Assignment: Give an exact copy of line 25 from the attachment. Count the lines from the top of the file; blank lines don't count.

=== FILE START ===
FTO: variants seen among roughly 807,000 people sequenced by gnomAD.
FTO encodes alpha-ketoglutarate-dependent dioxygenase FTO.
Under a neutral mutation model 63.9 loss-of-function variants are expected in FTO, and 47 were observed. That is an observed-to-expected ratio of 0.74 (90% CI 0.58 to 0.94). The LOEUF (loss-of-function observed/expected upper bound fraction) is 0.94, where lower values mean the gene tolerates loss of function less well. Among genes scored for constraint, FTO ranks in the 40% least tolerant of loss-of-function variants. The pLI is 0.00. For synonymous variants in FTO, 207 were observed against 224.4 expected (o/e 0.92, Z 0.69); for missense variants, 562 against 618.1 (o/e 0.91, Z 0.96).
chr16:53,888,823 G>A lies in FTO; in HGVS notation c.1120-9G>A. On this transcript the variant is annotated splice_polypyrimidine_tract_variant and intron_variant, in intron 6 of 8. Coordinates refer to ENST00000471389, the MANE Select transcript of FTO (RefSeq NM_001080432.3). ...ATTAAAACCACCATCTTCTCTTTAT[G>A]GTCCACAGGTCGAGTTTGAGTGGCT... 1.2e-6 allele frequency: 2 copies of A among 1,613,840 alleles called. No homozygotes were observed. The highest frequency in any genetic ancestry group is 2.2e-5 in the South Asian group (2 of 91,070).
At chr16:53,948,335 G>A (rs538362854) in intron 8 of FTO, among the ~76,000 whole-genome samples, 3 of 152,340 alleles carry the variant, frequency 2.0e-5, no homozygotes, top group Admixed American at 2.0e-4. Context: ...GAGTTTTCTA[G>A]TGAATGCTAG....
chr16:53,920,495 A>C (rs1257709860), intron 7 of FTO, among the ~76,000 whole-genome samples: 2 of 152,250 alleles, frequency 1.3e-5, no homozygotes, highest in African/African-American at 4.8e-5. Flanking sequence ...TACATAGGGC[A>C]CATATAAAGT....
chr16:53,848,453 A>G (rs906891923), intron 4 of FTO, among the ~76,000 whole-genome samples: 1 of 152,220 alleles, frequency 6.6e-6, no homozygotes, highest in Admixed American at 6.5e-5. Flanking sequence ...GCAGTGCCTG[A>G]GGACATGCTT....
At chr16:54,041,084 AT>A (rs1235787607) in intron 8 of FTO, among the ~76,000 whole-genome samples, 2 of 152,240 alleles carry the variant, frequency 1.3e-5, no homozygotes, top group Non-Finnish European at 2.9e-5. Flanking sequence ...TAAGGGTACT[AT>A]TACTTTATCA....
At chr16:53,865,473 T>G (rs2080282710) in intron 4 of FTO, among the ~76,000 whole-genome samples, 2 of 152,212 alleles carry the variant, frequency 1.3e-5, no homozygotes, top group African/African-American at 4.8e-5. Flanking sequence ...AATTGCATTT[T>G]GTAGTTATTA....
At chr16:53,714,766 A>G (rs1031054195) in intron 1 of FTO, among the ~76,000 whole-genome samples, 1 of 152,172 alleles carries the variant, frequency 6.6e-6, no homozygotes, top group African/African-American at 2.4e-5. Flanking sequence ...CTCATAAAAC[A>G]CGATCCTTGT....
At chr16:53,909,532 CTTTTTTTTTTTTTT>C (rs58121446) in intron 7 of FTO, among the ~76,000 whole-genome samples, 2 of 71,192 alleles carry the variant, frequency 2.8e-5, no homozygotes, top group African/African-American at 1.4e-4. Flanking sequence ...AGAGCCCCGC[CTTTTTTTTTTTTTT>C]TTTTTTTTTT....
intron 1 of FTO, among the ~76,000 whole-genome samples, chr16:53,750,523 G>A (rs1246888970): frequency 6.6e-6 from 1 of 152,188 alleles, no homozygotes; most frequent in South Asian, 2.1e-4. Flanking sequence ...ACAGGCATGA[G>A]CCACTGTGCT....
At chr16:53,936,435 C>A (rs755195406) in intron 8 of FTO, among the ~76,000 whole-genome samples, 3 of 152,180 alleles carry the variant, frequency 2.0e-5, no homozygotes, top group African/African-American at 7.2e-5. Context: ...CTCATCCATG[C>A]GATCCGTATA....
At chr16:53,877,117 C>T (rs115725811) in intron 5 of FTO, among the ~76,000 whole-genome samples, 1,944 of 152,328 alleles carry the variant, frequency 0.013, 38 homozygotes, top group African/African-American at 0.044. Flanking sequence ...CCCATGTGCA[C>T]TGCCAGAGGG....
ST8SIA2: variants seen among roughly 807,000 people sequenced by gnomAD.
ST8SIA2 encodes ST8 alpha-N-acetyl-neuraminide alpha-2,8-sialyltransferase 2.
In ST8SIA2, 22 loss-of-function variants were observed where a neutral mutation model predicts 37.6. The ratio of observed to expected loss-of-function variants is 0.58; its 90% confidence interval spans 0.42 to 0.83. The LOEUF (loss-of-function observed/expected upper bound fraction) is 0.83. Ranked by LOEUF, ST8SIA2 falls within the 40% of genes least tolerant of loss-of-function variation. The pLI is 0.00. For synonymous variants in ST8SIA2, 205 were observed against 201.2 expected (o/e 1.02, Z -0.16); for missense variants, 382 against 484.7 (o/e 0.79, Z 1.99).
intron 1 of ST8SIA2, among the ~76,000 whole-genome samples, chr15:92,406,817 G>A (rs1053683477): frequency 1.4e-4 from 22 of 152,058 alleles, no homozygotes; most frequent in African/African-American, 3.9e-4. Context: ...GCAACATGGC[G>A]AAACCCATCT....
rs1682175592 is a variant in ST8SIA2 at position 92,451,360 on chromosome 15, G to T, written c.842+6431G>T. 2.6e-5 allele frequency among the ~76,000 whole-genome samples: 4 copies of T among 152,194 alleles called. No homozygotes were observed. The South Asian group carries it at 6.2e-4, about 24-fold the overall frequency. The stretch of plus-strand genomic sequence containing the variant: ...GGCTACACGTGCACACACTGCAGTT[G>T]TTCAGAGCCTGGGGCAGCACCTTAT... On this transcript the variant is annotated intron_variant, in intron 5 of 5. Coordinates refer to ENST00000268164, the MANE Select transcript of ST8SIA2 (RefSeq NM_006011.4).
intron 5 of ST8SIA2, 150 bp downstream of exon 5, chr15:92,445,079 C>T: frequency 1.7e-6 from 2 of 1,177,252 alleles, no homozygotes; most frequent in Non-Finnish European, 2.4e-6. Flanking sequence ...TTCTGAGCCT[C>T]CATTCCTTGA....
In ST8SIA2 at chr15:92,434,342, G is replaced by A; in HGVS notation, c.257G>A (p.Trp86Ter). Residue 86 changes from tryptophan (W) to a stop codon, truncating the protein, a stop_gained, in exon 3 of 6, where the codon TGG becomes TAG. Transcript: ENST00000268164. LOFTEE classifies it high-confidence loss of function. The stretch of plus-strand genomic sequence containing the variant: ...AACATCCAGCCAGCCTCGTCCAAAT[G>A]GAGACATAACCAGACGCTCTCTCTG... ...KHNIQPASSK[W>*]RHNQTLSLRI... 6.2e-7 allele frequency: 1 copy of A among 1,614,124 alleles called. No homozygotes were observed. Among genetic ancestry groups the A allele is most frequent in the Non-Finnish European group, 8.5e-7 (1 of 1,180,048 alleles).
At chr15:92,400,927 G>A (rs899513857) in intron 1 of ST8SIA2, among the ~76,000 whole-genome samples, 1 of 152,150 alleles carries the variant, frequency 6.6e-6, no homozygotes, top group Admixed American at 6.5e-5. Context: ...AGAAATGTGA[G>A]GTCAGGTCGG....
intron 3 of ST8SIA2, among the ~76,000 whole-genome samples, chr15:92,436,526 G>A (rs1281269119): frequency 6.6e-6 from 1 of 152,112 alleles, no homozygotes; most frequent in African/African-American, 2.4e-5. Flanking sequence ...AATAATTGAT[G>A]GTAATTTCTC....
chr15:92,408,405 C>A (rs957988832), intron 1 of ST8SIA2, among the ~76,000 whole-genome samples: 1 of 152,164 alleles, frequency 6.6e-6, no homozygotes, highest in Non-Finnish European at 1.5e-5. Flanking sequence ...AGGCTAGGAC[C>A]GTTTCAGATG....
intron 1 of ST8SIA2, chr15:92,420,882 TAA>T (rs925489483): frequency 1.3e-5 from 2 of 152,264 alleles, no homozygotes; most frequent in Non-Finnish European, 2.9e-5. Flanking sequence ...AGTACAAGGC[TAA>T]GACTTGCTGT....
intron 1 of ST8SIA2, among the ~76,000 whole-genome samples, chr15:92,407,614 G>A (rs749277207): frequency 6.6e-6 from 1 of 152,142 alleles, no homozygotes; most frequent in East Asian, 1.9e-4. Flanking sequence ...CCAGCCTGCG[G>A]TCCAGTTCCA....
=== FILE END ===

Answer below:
intron 1 of ST8SIA2, chr15:92,420,882 TAA>T (rs925489483): frequency 1.3e-5 from 2 of 152,264 alleles, no homozygotes; most frequent in Non-Finnish European, 2.9e-5. Flanking sequence ...AGTACAAGGC[TAA>T]GACTTGCTGT....